"Let us begin, then, by demolishing this fatal fiction."

I have quoted the above, merely for the sake of establishing the fact, that many persons consider the productiveness of capital a false, a fatal, and an iniquitous principle. But quotations are superfluous; it is well known that the people attribute their sufferings to what they call the trafficking in man by man. In fact, the phrase, tyranny of capital, has become proverbial.

I believe there is not a man in the world, who is aware of the whole importance of this question:—

"Is the interest of capital natural, just, and lawful, and as useful to the payer as to the receiver?"

You answer, No; I answer, Yes. Then we differ entirely; but it is of the utmost importance to discover which of us is in the right, otherwise we shall incur the danger of making a false solution of the question, a matter of opinion. If the error is on my side, however, the evil would not be so great. It must be inferred that I know nothing about the true interests of the masses, or the march of human progress; and that all my arguments are but as so many grains of sand, by which the car of the revolution will certainly not be arrested.

But if, on the contrary, MM. Proudhon and Thore are deceiving themselves, it follows that they are leading the people astray—that they are showing them the evil where it does not exist; and thus giving a false direction to their ideas, to their antipathies, to their dislikes, and to their attacks. It follows that the misguided people are rushing into a horrible and absurd struggle, in which victory would be more fatal than defeat; since, according to this supposition, the result would be the realisation of universal evils, the destruction of every means of emancipation, the consummation of its own misery.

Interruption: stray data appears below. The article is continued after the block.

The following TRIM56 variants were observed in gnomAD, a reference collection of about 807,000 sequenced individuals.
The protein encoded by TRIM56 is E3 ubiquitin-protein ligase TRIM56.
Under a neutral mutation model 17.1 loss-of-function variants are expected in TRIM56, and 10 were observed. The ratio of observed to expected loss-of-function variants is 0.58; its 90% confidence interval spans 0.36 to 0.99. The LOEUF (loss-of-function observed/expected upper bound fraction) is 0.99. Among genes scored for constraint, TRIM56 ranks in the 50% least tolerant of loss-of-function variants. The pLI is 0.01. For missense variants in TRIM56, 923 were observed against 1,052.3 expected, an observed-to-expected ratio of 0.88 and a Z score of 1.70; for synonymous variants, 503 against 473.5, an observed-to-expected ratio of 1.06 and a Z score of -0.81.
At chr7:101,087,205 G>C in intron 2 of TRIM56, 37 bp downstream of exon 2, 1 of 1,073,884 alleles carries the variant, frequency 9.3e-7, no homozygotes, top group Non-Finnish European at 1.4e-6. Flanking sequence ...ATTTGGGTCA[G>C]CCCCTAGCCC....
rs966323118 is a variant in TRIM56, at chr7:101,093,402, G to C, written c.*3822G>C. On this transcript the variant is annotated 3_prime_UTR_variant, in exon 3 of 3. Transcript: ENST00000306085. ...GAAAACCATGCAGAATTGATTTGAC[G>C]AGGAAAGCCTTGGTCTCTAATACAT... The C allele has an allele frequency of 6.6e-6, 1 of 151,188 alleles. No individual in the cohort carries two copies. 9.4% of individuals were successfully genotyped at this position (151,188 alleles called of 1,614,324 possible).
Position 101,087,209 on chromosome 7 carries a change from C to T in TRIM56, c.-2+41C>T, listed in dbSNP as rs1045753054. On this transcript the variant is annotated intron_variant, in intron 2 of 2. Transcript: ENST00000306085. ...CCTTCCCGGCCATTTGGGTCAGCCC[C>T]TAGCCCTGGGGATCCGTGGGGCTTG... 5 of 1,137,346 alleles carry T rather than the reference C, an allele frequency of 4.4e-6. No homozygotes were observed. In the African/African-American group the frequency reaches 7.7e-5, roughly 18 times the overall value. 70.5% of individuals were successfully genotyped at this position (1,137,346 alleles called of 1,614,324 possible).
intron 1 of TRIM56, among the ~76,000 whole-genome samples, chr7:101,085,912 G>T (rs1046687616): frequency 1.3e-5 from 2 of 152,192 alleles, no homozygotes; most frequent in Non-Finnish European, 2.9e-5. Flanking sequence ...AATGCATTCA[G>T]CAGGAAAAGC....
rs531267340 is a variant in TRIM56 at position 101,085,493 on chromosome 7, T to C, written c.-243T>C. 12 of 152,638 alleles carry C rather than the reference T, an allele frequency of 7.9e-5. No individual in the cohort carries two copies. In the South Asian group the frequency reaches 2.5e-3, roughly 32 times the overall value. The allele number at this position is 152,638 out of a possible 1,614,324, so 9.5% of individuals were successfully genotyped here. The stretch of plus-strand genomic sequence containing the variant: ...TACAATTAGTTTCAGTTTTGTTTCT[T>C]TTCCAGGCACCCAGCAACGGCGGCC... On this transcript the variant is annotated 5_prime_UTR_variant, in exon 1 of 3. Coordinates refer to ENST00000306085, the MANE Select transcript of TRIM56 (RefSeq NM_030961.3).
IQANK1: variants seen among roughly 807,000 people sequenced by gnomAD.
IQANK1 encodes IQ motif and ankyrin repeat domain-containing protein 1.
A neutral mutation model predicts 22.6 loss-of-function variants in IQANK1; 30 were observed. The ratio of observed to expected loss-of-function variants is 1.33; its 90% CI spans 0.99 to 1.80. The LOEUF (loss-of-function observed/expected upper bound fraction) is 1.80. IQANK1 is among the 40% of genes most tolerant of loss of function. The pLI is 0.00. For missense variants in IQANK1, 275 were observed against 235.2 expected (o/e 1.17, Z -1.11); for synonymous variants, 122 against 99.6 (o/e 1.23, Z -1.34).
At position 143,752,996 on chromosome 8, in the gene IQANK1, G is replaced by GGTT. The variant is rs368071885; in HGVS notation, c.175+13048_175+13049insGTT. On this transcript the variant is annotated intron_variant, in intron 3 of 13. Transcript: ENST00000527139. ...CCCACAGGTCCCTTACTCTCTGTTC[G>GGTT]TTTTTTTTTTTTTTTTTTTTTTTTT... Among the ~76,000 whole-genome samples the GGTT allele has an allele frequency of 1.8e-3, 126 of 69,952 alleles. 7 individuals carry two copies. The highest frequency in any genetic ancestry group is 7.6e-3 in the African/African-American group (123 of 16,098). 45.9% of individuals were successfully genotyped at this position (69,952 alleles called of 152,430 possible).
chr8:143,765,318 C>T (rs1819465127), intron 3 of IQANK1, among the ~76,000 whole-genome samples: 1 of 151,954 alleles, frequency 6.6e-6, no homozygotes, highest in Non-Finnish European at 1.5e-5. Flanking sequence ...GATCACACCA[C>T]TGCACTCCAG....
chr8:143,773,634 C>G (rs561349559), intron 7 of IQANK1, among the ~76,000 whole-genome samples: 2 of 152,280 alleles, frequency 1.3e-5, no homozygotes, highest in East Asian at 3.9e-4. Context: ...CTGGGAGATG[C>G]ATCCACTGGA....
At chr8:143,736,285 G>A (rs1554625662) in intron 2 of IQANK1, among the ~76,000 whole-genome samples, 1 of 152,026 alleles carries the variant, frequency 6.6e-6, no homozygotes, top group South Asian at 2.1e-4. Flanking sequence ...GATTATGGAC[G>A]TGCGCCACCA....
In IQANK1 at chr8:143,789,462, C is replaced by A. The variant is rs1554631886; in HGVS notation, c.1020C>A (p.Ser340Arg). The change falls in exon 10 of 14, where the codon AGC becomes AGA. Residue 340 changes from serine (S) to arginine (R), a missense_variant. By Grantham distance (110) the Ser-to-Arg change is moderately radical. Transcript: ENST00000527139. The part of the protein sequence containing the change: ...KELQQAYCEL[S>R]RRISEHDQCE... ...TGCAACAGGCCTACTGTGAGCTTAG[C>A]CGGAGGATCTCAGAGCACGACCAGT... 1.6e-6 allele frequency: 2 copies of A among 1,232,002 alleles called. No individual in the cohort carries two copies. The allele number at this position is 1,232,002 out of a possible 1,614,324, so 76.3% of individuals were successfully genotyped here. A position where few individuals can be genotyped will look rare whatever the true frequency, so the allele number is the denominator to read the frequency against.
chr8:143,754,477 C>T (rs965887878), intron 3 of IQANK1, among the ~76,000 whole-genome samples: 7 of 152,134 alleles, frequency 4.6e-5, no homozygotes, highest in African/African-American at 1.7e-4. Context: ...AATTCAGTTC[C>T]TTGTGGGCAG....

This is just what M. Proudhon has acknowledged, with perfect good faith. "The foundation stone," he told me, "of my system is the gratuitousness of credit. If I am mistaken in this, Socialism is a vain dream." I add, it is a dream, in which the people are tearing themselves to pieces. Will it, therefore, be a cause for surprise, if, when they awake, they find themselves mangled and bleeding? Such a danger as this is enough to justify me fully, if, in the course of the discussion, I allow myself to be led into some trivialities and some prolixity.

Capital and Interest.

I address this treatise to the workmen of Paris, more especially to those who have enrolled themselves under the banner of Socialist democracy. I proceed to consider these two questions:—

1st. Is it consistent with the nature of things, and with justice, that capital should produce interest?

2nd. Is it consistent with the nature of things, and with justice, that the interest of capital should be perpetual?

The working men of Paris will certainly acknowledge that a more important subject could not be discussed.

Since the world began, it has been allowed, at least in part, that capital ought to produce interest. But latterly it has been affirmed, that herein lies the very social error which is the cause of pauperism and inequality. It is, therefore, very essential to know now on what ground we stand.

For if levying interest from capital is a sin, the workers have a right to revolt against social order, as it exists. It is in vain to tell them that they ought to have recourse to legal and pacific means: it would be a hypocritical recommendation. When on the one side there is a strong man, poor, and a victim of robbery—on the other, a weak man, but rich, and a robber—it is singular enough that we should say to the former, with a hope of persuading him, "Wait till your oppressor voluntarily renounces oppression, or till it shall cease of itself." This cannot be; and those who tell us that capital is by nature unproductive, ought to know that they are provoking a terrible and immediate struggle.